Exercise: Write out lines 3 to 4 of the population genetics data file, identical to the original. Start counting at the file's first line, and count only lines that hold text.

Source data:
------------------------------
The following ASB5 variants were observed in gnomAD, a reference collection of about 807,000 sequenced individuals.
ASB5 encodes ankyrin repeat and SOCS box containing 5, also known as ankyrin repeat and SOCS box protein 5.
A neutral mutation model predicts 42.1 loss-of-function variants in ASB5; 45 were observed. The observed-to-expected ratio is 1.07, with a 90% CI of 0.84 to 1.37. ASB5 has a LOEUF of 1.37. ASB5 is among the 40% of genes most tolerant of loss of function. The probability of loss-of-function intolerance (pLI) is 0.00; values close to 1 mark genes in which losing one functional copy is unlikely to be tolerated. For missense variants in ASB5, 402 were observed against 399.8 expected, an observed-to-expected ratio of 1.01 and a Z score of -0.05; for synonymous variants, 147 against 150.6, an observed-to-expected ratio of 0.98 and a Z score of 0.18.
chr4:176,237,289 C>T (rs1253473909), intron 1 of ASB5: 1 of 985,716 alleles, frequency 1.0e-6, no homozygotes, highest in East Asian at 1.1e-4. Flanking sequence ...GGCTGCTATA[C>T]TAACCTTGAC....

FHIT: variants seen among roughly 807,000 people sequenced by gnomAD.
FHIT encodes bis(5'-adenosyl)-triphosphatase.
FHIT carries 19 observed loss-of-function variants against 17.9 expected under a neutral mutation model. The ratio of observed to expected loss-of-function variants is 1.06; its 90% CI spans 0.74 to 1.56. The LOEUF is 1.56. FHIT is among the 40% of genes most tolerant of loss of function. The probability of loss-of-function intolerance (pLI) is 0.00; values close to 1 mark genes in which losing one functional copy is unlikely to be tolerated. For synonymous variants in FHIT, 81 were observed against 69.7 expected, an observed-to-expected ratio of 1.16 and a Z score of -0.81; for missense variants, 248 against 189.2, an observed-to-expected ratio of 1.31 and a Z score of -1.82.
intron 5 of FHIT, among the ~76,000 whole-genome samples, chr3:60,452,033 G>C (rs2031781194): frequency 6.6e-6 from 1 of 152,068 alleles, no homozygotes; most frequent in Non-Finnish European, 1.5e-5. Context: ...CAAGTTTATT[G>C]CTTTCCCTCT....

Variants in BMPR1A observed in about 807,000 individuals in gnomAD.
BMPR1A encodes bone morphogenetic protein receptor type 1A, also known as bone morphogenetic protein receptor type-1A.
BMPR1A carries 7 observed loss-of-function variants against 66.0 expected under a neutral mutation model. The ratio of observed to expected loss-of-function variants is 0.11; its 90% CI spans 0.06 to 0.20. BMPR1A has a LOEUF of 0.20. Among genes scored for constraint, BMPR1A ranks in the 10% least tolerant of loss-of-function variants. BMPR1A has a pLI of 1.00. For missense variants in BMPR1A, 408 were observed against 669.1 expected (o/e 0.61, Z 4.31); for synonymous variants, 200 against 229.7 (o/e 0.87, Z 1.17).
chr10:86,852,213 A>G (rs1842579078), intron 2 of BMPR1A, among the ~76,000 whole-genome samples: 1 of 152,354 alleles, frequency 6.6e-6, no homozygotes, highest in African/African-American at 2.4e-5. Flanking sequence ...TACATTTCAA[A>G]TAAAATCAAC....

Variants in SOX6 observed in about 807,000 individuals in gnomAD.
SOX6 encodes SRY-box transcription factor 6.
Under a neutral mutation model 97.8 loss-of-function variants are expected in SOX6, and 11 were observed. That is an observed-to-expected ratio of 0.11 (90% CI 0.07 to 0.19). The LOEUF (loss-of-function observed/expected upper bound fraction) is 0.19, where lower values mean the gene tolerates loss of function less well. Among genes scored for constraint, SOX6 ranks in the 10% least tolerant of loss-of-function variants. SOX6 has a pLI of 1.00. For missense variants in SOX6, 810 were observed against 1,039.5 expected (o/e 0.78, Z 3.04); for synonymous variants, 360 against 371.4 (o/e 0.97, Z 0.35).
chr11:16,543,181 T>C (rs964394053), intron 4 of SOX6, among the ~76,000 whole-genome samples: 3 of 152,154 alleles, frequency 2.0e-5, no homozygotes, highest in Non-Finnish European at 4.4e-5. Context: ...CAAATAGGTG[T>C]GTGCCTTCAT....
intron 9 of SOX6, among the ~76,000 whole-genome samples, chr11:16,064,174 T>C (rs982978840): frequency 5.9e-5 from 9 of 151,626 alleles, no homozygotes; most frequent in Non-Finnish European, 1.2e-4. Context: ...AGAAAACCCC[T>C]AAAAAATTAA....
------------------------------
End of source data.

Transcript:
A neutral mutation model predicts 42.1 loss-of-function variants in ASB5; 45 were observed. The observed-to-expected ratio is 1.07, with a 90% CI of 0.84 to 1.37. ASB5 has a LOEUF of 1.37. ASB5 is among the 40% of genes most tolerant of loss of function. The probability of loss-of-function intolerance (pLI) is 0.00; values close to 1 mark genes in which losing one functional copy is unlikely to be tolerated. For missense variants in ASB5, 402 were observed against 399.8 expected, an observed-to-expected ratio of 1.01 and a Z score of -0.05; for synonymous variants, 147 against 150.6, an observed-to-expected ratio of 0.98 and a Z score of 0.18.
chr4:176,237,289 C>T (rs1253473909), intron 1 of ASB5: 1 of 985,716 alleles, frequency 1.0e-6, no homozygotes, highest in East Asian at 1.1e-4. Flanking sequence ...GGCTGCTATA[C>T]TAACCTTGAC....